The only store in existence is a "customer service center" where people can ask questions about products. This is the same answer I received when I called CHBT's listed phone number, so it seems like the information is consistent and available to anyone who asks. We did not discuss fourth-quarter or full-year financial results for 2011, but the sales staff did mention that there was a considerable impact last year from the closure of stores. I observe that this seems at odds with the recent quarterly SEC financials which seem to suggest very steady growth.
I then met with journalist Lu JinYuan, who wrote several articles critical of CHBT in the Chinese press. Mr. Lu has toured both facilities and has interviewed numerous current and former employees from the Chairman all the way down to the lowest level employees. On CHBT, he is probably the single most informed individual outside of the company itself. I learned quite a bit from speaking with him.
I next went to see
China Economic Review
, which put out a report in March calling CHBT a "junk stock." In my opinion, many of the research reports that are coming out on China stocks are simply produced by one or two individuals using a recently created firm, so I was eager to evaluate CER's operations. CER was quite impressive. There are 50 to 60 people in a modern office in the Shanghai business district. In addition to the
China Economic Review
, the company produces five other magazines. The proprietor, Graham Earnshaw, was formerly
editor for all of Asia, and
Bureau Chief for China. CER has strict policies prohibiting its staff from taking positions in the stocks they write about.
The most important question I needed to answer was regarding customers. I spent quite a few hours making calls to numerous offices of Bright Dairy and Beijing DBN, CHBT's two major customers. While they had clearly heard of the company, I was unable to confirm if they in fact do any business with CHBT.
Ultimately, I was able to track down a cell phone number for CFO Travis Cai and have a brief conversation. Due to the quiet period there was very little he could comment on, even for major investors who have been recently asking. As for the employee count, he was surprised at my findings and said that CHBT has more than 400 employees. He said customers have been bombarded by calls from investors trying to get information. The calls are becoming problematic. As a result, he did not feel that it was appropriate to give me contact details.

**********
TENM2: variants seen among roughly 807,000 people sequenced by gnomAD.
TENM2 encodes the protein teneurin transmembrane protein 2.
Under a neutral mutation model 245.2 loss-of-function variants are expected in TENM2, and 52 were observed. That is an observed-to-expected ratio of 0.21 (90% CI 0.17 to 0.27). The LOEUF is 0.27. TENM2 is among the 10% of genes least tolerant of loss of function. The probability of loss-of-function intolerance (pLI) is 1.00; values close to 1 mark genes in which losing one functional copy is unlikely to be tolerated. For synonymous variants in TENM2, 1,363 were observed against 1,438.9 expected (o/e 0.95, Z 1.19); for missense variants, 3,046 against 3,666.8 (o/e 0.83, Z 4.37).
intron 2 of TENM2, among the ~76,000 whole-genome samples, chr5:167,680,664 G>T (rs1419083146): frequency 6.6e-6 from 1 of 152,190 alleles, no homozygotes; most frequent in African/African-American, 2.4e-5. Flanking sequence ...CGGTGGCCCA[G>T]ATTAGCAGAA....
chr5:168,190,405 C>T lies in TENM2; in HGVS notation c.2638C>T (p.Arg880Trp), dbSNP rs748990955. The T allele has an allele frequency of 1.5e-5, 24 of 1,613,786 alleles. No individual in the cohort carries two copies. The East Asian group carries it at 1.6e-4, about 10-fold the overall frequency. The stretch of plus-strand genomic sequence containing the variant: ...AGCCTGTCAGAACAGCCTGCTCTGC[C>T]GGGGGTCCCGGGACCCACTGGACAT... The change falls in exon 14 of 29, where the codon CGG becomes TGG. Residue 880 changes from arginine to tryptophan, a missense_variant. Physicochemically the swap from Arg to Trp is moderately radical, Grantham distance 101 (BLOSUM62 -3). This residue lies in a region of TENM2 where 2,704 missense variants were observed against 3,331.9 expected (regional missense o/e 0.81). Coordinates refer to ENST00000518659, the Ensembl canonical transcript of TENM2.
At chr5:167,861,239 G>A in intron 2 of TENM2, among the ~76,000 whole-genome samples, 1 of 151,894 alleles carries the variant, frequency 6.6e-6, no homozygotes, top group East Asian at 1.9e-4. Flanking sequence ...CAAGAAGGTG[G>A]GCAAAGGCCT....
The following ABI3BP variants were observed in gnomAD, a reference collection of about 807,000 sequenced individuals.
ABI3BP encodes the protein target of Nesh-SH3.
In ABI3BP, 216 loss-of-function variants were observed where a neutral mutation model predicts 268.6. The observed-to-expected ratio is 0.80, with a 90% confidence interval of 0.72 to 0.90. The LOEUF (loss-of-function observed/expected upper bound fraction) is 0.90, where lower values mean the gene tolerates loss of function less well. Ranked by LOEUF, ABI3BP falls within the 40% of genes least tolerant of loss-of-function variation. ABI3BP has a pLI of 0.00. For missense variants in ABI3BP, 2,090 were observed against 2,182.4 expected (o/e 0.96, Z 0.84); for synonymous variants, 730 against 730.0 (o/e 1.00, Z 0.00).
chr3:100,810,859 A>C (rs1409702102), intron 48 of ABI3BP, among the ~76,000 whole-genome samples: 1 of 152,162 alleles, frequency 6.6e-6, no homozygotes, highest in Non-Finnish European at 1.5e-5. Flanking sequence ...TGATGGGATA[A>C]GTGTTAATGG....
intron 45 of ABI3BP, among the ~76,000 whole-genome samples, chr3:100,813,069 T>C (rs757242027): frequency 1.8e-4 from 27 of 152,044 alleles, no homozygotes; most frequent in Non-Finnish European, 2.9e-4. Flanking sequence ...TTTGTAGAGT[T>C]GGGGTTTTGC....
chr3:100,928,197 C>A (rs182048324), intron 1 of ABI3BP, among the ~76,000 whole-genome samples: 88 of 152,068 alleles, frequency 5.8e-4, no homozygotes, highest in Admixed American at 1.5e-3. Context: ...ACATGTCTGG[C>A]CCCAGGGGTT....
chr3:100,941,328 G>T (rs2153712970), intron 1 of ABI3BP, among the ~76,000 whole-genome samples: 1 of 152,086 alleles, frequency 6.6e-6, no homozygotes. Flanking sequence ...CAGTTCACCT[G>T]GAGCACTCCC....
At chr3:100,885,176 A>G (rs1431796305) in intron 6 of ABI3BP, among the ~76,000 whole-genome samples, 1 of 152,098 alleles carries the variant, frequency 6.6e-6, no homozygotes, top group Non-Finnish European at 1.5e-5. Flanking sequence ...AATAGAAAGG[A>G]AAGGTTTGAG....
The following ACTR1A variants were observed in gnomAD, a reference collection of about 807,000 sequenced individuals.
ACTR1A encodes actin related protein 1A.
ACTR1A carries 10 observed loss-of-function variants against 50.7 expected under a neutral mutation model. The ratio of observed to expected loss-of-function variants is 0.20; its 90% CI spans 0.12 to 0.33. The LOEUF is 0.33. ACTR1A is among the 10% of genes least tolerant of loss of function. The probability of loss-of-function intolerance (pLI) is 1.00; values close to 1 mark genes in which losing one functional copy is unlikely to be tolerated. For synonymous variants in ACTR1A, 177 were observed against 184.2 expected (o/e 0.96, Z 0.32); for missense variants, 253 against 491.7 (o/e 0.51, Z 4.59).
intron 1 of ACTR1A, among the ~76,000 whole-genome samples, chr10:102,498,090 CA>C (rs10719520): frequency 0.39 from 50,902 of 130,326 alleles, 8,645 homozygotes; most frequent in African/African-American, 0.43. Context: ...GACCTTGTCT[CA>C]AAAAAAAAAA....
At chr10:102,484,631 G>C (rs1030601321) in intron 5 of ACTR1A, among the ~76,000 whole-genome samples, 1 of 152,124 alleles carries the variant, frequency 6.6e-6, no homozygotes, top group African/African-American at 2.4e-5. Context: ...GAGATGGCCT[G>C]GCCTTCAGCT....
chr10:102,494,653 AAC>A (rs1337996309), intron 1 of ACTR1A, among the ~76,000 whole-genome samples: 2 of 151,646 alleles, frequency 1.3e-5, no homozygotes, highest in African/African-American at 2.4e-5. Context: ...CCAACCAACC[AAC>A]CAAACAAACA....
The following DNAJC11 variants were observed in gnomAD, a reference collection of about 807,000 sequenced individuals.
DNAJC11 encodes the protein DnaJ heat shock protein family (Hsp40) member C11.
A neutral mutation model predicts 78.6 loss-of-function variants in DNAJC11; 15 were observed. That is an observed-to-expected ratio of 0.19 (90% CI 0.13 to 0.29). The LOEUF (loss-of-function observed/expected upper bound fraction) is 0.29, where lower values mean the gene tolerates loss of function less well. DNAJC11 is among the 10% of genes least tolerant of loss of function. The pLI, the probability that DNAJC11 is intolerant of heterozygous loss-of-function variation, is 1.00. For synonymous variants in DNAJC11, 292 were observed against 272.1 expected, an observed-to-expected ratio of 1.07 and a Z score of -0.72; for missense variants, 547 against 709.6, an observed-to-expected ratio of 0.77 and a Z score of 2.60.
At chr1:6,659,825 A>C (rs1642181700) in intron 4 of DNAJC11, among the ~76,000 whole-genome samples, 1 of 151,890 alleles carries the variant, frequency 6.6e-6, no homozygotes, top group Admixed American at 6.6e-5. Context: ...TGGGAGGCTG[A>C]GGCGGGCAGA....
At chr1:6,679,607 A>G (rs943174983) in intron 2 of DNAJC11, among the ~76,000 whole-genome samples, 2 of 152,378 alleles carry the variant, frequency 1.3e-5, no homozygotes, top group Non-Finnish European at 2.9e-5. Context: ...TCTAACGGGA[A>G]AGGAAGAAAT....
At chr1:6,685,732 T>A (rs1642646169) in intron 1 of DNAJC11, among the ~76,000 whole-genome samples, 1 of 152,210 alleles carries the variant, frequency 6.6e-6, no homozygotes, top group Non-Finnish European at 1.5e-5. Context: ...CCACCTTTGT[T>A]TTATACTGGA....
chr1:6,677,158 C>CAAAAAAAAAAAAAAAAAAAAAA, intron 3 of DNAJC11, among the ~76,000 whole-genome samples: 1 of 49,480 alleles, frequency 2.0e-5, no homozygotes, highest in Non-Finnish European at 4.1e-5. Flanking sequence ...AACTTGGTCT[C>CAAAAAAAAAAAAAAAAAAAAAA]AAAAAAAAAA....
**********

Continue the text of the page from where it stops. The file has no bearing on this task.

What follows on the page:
In any event, I would be curious to know if other investors have had better luck in confirming customer relationships and how it has affected their view on the stock price.
I have been short shares of CHBT since early May, and after my weeklong evaluation of CHBT, I have decided to stay short. The concerns I have regarding fiscal year 2010 are that it doesn't seem possible for the small Pudong facility to have generated more than $80 million in revenues, while the activity at the Qingpu facility doesn't seem consistent with CHBT generating more than $80 million in just the first nine months of fiscal year 2011.
Obviously, by now any opinions by me or any other investors (large or small) do not matter. The only opinion that matters is that of auditor BDO which is responsible for signing off on the 2011 audit in a matter of days.
Disclosure: The author is extremely short shares of CHBT. The author can be reached at comments@pearsoninvestment
This commentary comes from an independent investor or market observer as part of TheStreet guest contributor program. The views expressed are those of the author and do not necessarily represent the views of TheStreet or its management.
Rick Pearson is a Beijing-based private investor focusing on U.S.-listed China small-cap stocks. Until 2005, Pearson was a director at Deutsche Bank, spending nine years in equity capital markets in New York, Hong Kong and London. Previously, he spent time working in venture capital in Beijing. Mr. Pearson graduated magna cum laude with a degree in finance from the University of Southern California and studied Mandarin for six years. He has frequently lived, worked and traveled in China since 1992.